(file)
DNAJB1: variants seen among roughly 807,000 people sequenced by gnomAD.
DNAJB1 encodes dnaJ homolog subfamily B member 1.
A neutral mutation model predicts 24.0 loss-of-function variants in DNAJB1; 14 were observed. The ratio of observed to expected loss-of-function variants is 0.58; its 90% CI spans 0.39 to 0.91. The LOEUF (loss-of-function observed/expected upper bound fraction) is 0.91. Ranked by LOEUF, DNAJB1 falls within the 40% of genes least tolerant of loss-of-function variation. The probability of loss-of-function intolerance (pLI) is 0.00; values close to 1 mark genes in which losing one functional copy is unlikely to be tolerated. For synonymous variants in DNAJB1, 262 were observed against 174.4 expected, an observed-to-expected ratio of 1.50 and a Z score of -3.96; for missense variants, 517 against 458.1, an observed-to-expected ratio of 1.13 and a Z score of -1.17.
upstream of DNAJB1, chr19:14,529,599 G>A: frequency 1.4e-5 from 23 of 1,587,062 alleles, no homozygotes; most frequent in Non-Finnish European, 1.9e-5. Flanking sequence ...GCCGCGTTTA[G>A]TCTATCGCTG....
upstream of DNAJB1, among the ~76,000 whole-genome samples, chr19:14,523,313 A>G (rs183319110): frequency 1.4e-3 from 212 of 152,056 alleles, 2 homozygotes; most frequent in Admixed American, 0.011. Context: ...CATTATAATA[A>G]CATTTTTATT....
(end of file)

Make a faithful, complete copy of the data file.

DNAJB1: variants seen among roughly 807,000 people sequenced by gnomAD.
DNAJB1 encodes dnaJ homolog subfamily B member 1.
A neutral mutation model predicts 24.0 loss-of-function variants in DNAJB1; 14 were observed. The ratio of observed to expected loss-of-function variants is 0.58; its 90% CI spans 0.39 to 0.91. The LOEUF (loss-of-function observed/expected upper bound fraction) is 0.91. Ranked by LOEUF, DNAJB1 falls within the 40% of genes least tolerant of loss-of-function variation. The probability of loss-of-function intolerance (pLI) is 0.00; values close to 1 mark genes in which losing one functional copy is unlikely to be tolerated. For synonymous variants in DNAJB1, 262 were observed against 174.4 expected, an observed-to-expected ratio of 1.50 and a Z score of -3.96; for missense variants, 517 against 458.1, an observed-to-expected ratio of 1.13 and a Z score of -1.17.
upstream of DNAJB1, chr19:14,529,599 G>A: frequency 1.4e-5 from 23 of 1,587,062 alleles, no homozygotes; most frequent in Non-Finnish European, 1.9e-5. Flanking sequence ...GCCGCGTTTA[G>A]TCTATCGCTG....
upstream of DNAJB1, among the ~76,000 whole-genome samples, chr19:14,523,313 A>G (rs183319110): frequency 1.4e-3 from 212 of 152,056 alleles, 2 homozygotes; most frequent in Admixed American, 0.011. Context: ...CATTATAATA[A>G]CATTTTTATT....